Peligro made his recording debut with Dead Kennedys on the 1981 EP In God We Trust, Inc., which notoriously was the first of the band’s many anti-Ronald Reagan references. The record also includes their legendary hit “Nazi Punks Fuck Off”. Peligro’s hardcore drumming style continued, in modified form, on the band’s second album, 1982’s Plastic Surgery Disasters, and on their next set of records: 1985’s Frankenchrist, 1986’s Bedtime for Democracy and the compilation album Give Me Convenience or Give Me Death from 1987.
After the Dead Kennedys split in December 1986, Peligro briefly joined the Red Hot Chili Peppers in 1988. The band needed a drummer after their original member Jack Irons left. A longtime friend of the band and former bandmates of Anthony Kiedis and Flea in their prank project Three Little Butt Hairs, Peligro enjoyed stepping on the plate. He performed with Red Hot Chili Peppers and contributed to the songwriting process for several tracks on their fourth album Mother’s Milk. Peligro is also responsible for introducing Kiedis and Flea to then-teen John Frusciante, who joined shortly after as their new guitarist. In November of that year, Peligro was fired. Red Hot Chili Peppers replaced him with Chad Smith a few weeks later.
In 2001, Ray, Peligro and Flouride reunited Dead Kennedys with Brandon Cruz replacing Biafra. Aside from a year-long absence to address health issues, Peligro has been part of the band’s overall reunion efforts, from multiple tours to live album releases such as Mutiny on the Bay, Live at the Deaf Club and DK 40.
In the later years of his career, Peligro performed with other artists, both live and in the studio, including Moby, Feederz, the Aliens sans Roky Erickson, and Nailbomb, among others. He also formed his own band called Peligro, which released a self-titled album, Welcome to America and Sum of Our Surroundings. He has also fronted the bands Reverend Jones and the Cool Aid Choir, the Hellions and Al Sharpton’s Hair.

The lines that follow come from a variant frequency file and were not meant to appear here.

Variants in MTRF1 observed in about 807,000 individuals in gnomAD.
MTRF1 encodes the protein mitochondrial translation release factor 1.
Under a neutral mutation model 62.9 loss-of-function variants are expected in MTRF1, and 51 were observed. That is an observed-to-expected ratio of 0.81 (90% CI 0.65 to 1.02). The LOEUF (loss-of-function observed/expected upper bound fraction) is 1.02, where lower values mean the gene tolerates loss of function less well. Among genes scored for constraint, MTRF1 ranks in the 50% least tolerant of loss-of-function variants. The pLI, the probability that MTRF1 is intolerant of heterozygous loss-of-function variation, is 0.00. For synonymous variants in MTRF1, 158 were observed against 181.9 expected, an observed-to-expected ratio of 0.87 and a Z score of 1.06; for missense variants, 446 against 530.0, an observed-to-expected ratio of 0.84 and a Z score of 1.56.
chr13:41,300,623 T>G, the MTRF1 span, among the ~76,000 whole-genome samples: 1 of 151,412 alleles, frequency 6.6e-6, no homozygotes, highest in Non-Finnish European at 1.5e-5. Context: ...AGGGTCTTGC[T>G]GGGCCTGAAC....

An early black icon on the punk rock scene, Peligro was frequently open about his experiences of racism while touring, including being denied entry to clubs where his bands were scheduled to play. “Music took me places I wouldn’t normally go and it was okay when you were on stage, but when you got off they got drunk and called you all kinds of names,” he told LA Weekly. “You go south, you go through the Midwest, then people thought it was white music, or I was the janitor or security or something. You had to experience racism first-hand because not everyone was as open-minded as in San Francisco. It’s a bit more open and accepted today, but there are still people who want to use punk rock to make hate music. That annoys me to no end.”